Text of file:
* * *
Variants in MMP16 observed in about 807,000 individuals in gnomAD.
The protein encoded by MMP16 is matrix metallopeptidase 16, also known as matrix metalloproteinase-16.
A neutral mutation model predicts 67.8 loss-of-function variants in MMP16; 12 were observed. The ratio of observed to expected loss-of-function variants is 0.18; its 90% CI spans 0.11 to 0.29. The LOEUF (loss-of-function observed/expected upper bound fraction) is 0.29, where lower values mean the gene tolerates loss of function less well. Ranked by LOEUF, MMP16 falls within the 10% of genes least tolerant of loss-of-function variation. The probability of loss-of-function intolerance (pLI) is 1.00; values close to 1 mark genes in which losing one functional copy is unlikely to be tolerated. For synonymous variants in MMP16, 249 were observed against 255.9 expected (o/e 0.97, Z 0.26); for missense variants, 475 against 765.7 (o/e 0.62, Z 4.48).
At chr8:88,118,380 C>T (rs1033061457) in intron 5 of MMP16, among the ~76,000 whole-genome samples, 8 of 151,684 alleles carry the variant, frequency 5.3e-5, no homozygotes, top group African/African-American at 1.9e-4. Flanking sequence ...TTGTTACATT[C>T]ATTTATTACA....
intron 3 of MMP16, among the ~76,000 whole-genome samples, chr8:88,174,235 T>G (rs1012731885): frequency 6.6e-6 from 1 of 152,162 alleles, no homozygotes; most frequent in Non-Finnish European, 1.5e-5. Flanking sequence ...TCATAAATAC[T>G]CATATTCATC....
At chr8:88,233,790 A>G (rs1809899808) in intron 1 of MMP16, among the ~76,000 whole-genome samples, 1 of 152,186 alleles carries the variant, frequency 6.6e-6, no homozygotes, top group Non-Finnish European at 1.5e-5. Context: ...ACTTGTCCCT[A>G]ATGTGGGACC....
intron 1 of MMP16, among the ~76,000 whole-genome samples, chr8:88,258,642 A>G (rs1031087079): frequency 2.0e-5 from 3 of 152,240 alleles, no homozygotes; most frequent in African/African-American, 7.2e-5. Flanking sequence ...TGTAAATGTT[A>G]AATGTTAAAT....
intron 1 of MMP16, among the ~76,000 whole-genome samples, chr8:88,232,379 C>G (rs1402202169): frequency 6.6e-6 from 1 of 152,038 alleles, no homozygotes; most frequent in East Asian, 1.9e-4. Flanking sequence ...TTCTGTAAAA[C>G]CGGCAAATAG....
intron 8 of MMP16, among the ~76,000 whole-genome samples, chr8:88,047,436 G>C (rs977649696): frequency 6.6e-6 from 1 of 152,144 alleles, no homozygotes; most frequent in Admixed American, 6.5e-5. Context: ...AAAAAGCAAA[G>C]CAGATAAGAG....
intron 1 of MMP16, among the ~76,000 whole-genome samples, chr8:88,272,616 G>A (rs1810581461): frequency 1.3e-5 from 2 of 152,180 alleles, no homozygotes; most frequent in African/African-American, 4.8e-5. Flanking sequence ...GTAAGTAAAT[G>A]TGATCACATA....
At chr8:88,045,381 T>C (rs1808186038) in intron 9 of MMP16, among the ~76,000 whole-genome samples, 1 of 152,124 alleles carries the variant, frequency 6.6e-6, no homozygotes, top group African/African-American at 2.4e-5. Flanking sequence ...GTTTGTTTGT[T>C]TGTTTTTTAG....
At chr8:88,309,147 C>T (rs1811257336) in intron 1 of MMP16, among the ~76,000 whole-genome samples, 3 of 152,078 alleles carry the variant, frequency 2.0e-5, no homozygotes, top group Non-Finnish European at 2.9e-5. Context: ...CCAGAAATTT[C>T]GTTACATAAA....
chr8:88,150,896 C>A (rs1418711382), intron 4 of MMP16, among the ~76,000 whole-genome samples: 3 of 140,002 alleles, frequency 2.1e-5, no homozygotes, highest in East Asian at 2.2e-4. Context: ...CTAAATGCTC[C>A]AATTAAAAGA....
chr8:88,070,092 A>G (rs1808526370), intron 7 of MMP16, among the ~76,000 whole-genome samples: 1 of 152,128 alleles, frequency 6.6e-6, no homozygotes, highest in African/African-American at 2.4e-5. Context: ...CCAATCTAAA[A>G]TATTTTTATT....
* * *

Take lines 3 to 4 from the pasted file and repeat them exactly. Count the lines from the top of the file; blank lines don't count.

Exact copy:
A neutral mutation model predicts 67.8 loss-of-function variants in MMP16; 12 were observed. The ratio of observed to expected loss-of-function variants is 0.18; its 90% CI spans 0.11 to 0.29. The LOEUF (loss-of-function observed/expected upper bound fraction) is 0.29, where lower values mean the gene tolerates loss of function less well. Ranked by LOEUF, MMP16 falls within the 10% of genes least tolerant of loss-of-function variation. The probability of loss-of-function intolerance (pLI) is 1.00; values close to 1 mark genes in which losing one functional copy is unlikely to be tolerated. For synonymous variants in MMP16, 249 were observed against 255.9 expected (o/e 0.97, Z 0.26); for missense variants, 475 against 765.7 (o/e 0.62, Z 4.48).
At chr8:88,118,380 C>T (rs1033061457) in intron 5 of MMP16, among the ~76,000 whole-genome samples, 8 of 151,684 alleles carry the variant, frequency 5.3e-5, no homozygotes, top group African/African-American at 1.9e-4. Flanking sequence ...TTGTTACATT[C>T]ATTTATTACA....